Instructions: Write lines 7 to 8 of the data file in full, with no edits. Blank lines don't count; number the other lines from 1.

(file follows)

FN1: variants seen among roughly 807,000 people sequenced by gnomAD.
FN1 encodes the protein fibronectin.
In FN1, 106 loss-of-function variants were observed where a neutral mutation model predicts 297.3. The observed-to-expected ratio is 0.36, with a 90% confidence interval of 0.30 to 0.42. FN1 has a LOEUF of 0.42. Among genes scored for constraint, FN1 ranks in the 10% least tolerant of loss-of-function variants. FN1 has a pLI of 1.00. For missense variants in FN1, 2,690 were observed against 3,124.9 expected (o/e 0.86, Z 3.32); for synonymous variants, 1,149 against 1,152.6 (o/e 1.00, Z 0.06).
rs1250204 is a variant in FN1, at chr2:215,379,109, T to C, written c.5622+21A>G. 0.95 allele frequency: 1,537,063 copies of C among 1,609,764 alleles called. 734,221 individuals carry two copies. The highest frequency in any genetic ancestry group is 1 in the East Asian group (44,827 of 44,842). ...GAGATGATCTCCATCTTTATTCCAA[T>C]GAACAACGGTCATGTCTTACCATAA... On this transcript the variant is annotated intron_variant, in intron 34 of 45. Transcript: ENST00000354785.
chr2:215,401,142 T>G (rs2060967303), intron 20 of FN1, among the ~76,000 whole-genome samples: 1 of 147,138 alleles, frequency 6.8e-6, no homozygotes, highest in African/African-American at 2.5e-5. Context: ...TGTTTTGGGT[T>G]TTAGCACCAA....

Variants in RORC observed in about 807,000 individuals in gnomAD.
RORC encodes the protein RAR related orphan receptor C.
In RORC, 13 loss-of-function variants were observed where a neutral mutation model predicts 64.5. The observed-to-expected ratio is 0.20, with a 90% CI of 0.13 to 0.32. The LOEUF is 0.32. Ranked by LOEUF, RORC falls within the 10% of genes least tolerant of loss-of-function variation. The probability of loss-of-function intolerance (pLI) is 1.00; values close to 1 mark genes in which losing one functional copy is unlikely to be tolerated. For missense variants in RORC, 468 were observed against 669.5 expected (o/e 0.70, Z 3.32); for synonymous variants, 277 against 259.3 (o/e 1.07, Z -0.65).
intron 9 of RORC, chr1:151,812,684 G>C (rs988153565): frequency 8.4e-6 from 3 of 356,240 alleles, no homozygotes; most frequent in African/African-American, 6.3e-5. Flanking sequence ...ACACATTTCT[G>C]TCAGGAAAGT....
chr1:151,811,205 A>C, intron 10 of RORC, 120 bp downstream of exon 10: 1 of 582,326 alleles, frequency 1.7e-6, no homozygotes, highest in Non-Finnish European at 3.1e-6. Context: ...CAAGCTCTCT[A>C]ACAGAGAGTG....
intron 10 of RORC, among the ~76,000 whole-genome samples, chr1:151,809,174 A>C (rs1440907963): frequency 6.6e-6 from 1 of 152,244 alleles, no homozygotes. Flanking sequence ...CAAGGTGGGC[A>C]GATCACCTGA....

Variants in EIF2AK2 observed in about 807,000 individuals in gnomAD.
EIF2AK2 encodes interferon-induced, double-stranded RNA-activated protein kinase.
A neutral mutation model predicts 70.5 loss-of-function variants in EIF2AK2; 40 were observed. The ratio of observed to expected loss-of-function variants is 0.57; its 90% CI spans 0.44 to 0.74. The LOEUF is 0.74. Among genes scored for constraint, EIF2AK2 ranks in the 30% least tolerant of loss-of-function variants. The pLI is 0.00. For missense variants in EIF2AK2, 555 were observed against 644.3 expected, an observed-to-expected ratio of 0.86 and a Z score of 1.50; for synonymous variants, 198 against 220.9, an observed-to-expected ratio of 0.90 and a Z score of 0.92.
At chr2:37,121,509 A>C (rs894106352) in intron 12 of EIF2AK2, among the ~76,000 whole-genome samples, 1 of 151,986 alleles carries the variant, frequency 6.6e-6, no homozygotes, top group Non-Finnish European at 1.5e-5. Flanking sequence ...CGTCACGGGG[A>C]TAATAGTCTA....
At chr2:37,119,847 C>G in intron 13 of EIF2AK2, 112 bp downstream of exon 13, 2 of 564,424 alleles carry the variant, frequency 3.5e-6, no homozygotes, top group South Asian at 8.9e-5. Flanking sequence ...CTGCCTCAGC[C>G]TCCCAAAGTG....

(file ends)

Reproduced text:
RORC encodes the protein RAR related orphan receptor C.
In RORC, 13 loss-of-function variants were observed where a neutral mutation model predicts 64.5. The observed-to-expected ratio is 0.20, with a 90% CI of 0.13 to 0.32. The LOEUF is 0.32. Ranked by LOEUF, RORC falls within the 10% of genes least tolerant of loss-of-function variation. The probability of loss-of-function intolerance (pLI) is 1.00; values close to 1 mark genes in which losing one functional copy is unlikely to be tolerated. For missense variants in RORC, 468 were observed against 669.5 expected (o/e 0.70, Z 3.32); for synonymous variants, 277 against 259.3 (o/e 1.07, Z -0.65).